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Home Inclusiveness Richard Laub Interview
Interview with Richard Laub -- Director, Master of Arts: Heritage Preservation program at Georgia State University in Atlanta, Georgia
Richard Laub joined the History faculty at Georgia State University on a full-time basis in 2001 as the Director of the Heritage Preservation Masters Degree Program. Laub has worked in the field of historic preservation for more than 30 years, receiving his initial training as a restoration craftsman with the National Trust for Historic Preservation. He worked from 1987-2001 at the Georgia Historic Preservation Division, where for the last 10 years he served as the Community Planning Coordinator, providing communities and organizations throughout the state with preservation planning assistance. Active in the community, Laub has served as the Chairman of the Atlanta Urban Design Commission and has worked with his neighbors to have his Inman Park neighborhood designated a local historic district.
What led you to the preservation field?
After receiving my undergraduate degree in Biology, I tried many areas, even once being a baker. It was working in construction that peaked my interest in buildings. Back then, the National Trust for Historic Preservation had a restoration workshop. I applied and was accepted to learn and work at the Lyndhurst property for three years. That was my first connection with preservation. Looking at and restoring historic resources. After that, I worked at the Trust property, Oatlands in Virginia. These experiences gave me the hands on aspect needed, but I realized I was in competition with people having a master's degree. So, I went to the University of Virginia for a master's in planning with a certificate in historic preservation. I went to work for the Georgia State Historic Preservation Office (SHPO) for 14 years. There I reviewed projects with Section 106 and tax incentives and helped with community presentation, local governments, zoning, and designation processes. I taught an occasional class at Georgia State University (GSU) in planning or building materials and eventually became the director. I love it. I love working with the students and learning more about preservation.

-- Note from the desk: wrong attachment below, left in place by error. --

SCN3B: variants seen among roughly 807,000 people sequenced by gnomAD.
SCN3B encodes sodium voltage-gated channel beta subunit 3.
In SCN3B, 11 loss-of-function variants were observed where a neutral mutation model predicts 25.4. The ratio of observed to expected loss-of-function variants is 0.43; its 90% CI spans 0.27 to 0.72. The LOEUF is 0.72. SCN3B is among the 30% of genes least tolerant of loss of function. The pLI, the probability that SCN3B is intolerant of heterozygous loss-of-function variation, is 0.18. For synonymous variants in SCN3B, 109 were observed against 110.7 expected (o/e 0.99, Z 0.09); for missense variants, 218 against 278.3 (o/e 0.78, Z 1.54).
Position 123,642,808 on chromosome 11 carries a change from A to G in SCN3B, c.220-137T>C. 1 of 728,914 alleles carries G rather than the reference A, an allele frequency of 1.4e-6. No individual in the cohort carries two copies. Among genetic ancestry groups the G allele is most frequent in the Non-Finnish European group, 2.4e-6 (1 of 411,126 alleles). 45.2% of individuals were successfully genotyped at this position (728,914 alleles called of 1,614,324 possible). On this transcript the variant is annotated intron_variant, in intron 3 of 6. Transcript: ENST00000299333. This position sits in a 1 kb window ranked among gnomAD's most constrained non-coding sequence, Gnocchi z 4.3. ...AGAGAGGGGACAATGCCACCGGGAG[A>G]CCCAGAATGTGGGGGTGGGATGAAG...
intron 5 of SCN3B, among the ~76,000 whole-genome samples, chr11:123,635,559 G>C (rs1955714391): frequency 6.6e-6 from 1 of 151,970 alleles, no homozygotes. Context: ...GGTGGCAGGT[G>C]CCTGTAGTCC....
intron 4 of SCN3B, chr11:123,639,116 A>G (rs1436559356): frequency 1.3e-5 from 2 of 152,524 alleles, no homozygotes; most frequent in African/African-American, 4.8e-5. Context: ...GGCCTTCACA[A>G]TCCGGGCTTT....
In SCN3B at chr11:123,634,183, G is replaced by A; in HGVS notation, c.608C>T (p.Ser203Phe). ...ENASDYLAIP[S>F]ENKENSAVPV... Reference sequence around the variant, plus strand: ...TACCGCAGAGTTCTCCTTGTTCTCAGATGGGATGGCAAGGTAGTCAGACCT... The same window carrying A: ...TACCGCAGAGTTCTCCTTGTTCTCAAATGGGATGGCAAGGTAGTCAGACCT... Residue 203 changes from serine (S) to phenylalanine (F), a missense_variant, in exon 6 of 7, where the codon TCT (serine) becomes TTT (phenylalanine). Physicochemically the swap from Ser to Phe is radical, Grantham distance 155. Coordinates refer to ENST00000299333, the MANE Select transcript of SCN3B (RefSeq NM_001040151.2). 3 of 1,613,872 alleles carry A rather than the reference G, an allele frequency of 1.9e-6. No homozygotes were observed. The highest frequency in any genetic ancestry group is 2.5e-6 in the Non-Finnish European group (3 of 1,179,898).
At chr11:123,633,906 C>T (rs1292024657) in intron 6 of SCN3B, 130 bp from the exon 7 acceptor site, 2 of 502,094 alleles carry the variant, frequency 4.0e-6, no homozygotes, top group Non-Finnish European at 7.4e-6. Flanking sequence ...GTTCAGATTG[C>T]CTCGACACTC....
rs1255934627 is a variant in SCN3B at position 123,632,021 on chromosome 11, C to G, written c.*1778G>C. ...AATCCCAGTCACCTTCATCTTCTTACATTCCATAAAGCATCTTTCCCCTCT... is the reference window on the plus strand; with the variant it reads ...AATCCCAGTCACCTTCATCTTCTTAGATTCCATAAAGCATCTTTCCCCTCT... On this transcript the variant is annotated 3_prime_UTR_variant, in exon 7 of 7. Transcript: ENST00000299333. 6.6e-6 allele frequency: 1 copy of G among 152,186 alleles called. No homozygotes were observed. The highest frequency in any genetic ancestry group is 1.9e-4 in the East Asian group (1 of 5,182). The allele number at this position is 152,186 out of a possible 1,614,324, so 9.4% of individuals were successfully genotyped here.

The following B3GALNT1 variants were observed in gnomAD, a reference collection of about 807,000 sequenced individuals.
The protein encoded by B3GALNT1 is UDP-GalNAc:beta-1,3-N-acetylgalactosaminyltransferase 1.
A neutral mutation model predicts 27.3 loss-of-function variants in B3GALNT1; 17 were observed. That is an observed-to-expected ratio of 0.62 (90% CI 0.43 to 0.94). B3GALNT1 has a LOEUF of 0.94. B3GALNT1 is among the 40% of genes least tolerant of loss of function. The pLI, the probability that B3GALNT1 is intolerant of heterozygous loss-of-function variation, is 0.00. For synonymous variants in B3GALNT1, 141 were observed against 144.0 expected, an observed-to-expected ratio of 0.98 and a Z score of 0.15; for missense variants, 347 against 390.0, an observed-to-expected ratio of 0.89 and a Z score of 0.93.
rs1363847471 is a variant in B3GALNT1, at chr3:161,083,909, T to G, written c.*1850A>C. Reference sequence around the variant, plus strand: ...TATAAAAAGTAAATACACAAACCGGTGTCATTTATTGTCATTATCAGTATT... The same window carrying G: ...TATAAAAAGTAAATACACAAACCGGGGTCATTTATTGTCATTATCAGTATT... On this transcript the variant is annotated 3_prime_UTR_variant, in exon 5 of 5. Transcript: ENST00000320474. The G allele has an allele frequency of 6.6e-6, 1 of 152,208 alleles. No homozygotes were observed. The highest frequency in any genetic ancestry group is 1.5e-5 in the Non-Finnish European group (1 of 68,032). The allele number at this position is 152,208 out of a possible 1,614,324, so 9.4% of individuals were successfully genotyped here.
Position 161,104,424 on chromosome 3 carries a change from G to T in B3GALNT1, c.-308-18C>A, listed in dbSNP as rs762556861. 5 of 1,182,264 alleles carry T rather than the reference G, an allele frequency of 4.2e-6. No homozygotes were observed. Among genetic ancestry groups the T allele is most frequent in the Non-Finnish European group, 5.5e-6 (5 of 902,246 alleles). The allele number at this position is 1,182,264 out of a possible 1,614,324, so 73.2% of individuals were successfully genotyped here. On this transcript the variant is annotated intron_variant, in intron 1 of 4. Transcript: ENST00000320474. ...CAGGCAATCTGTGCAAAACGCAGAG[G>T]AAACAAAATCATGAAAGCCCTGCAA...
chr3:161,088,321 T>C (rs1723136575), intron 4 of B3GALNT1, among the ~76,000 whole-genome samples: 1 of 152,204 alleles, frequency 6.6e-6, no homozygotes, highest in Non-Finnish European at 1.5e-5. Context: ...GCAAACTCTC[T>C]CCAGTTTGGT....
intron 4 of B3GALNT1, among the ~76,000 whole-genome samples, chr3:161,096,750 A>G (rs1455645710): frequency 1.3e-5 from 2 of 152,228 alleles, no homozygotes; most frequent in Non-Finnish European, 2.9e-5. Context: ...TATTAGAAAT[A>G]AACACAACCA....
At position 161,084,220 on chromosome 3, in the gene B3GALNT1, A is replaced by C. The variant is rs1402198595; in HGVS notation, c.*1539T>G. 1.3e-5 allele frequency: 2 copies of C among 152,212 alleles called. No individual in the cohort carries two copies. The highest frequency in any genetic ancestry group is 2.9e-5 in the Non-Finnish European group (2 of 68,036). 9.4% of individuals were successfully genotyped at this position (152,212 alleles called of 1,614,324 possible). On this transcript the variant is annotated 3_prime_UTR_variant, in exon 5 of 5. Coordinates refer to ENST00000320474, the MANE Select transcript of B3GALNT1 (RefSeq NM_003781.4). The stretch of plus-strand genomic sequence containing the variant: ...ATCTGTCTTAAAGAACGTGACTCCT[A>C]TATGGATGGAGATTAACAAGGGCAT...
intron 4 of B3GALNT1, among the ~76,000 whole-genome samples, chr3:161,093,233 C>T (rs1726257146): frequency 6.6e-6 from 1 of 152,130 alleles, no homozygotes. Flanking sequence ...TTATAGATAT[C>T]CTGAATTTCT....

Do you think preservation education matters? Why?
Education makes you competitive when it comes to jobs. You have the credentials for a degree or profession. At GSU we try to prepare our students for the various jobs preservationists have. I like to say, they are a mile wide and an inch deep. There are so many varied positions out there, but not many of them are available. But, preservation is a field where you can grow, change, and have many different experiences. The master's program is in the History department, so we offer a lot of classes on history and research. There are two tracks for the Heritage Preservation degree, Historic Preservation and Public History. Preservation focuses on buildings, heritage, neighborhoods, landscapes, and laws. Public History focuses on folklore, stories, heritage, production, and museum work. There are many programs in Schools of Design, Planning, or Architecture. Ours focuses on the intangible, storytelling of heritage. In 2001, the faculty wanted a Public History program. We use Heritage Preservation instead of Historic Preservation because it is more inclusive and looks at the interpretation of history outside of academia.
What courses do you recommend for students interested in this field?